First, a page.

What sense can we make out of the notion that we should be nonjudgmental about others’ wrongdoings? One common view is that we should be nonjudgmental about others because morality is something arbitrary, in relation to particular individuals, cultures and social conditions, and there is no such thing as an intrinsic right or wrong. On this view, morality, at bottom, is like a set of external or social constraints on human behavior.
Of course, it is easy to see on reflection that this view, like all relativisms, is incoherent, given that when a certain moral judgment is seen as relative according to different contexts, moral notions themselves cannot be made relative, such as right and wrong. Indeed, if right and wrong themselves are relative, the notions cannot even be made intelligible.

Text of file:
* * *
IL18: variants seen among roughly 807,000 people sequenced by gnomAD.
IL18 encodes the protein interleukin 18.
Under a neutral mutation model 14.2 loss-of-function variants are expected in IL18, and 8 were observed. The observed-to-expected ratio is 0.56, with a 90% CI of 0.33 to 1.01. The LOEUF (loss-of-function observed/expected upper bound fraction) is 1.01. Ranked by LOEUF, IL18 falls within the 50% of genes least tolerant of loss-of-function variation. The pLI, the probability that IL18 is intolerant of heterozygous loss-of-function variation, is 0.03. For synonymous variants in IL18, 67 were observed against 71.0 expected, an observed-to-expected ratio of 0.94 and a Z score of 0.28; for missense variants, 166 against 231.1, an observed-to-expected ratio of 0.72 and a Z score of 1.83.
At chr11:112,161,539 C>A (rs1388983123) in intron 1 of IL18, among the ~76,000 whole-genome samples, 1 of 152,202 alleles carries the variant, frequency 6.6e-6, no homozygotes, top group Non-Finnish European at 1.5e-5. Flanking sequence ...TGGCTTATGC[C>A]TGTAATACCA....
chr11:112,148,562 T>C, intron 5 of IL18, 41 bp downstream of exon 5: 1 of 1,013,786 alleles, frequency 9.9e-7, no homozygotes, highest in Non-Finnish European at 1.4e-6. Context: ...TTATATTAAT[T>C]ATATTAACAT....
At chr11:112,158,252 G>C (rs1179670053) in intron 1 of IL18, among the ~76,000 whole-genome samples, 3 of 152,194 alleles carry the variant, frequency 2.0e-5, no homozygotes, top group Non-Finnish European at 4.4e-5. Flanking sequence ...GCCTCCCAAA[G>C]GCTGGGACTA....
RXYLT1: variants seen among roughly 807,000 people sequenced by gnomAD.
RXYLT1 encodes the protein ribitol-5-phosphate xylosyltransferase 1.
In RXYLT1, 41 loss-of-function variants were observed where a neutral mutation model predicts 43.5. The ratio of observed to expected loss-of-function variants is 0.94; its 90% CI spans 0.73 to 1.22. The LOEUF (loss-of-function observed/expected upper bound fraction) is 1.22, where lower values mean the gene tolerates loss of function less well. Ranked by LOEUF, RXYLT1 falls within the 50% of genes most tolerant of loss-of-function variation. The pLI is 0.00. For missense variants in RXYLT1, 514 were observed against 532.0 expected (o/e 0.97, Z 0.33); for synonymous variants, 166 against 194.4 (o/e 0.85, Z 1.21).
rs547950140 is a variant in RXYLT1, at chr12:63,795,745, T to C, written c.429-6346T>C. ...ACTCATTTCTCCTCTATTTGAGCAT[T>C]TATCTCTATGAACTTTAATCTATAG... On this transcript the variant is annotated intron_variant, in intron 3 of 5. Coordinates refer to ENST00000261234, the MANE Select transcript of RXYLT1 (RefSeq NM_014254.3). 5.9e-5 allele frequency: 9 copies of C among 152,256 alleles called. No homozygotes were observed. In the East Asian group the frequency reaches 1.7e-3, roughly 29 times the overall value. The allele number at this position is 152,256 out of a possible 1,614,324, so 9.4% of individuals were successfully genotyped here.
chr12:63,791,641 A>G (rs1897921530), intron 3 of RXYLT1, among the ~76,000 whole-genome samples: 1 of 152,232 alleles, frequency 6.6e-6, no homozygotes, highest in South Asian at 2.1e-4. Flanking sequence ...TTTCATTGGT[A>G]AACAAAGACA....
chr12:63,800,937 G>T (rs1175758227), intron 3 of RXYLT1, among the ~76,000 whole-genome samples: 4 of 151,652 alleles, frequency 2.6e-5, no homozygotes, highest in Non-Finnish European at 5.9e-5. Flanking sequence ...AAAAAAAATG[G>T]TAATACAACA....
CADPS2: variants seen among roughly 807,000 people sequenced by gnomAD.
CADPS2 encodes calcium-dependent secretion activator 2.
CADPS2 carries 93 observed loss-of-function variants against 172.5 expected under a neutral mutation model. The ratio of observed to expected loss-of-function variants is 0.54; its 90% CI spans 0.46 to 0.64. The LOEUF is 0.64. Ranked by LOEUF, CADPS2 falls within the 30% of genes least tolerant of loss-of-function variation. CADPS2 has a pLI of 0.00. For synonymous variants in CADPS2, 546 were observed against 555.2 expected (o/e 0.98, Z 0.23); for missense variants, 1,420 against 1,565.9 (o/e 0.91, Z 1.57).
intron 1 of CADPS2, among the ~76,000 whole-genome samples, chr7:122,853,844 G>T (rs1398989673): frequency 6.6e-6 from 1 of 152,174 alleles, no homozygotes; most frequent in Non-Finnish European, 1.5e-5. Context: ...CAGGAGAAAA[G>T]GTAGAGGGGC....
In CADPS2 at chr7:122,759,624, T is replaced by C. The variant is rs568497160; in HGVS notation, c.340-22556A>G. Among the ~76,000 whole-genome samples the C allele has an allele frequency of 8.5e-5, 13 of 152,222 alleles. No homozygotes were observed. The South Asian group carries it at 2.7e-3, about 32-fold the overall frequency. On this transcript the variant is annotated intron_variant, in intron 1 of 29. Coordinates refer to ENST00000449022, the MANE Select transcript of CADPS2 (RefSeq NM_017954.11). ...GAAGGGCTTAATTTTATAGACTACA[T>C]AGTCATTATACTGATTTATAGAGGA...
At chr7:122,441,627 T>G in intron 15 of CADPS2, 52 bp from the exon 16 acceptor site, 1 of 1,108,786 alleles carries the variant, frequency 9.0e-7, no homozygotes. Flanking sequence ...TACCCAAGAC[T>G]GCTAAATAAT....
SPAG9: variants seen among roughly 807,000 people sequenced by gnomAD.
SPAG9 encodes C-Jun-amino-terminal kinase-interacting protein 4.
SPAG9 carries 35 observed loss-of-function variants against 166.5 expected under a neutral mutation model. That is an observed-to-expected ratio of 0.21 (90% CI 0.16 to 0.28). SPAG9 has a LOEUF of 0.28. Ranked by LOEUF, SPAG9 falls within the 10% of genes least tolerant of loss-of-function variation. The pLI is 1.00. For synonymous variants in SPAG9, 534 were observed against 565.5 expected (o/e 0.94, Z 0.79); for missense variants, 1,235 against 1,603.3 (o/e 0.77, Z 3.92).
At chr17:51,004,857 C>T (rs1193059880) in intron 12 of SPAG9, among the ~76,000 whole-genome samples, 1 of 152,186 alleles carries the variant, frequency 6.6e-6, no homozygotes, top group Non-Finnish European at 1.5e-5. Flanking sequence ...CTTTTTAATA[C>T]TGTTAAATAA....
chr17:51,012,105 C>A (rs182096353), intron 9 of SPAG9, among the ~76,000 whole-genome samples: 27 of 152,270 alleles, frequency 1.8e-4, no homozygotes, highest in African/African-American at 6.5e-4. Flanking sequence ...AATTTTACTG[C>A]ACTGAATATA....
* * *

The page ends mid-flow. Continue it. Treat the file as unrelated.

But it is also understandable why a view of this sort, that morality is, at bottom, a deeply subjective matter, holds conviction. In some moral conflicts, seeing what should be done is wholly unproblematic: in fact, one probably should not return a gun to its owner even if he is in a sound frame of mind and should convince him to get rid of it (one might even say that the above conflict is not a genuine one). But in others, there is no clear answer as to what the right action is, not because there is no such thing as right or wrong, but because mitigating conditions are such that doing wrong is inescapable regardless of the choice that one makes. 
And there is a profound difference between moral thinking about others’ actions and about one’s own conduct: when one looks at other people’s wrongdoings, it often inspires a sense of misanthropy or sanctimoniousness about one’s own humanity. Of course, other people do not unconditionally deserve to be sympathized with at all times, but what is clear is how the world looks to a person as a spectator is entirely different from as an agent who is forced to act in the world.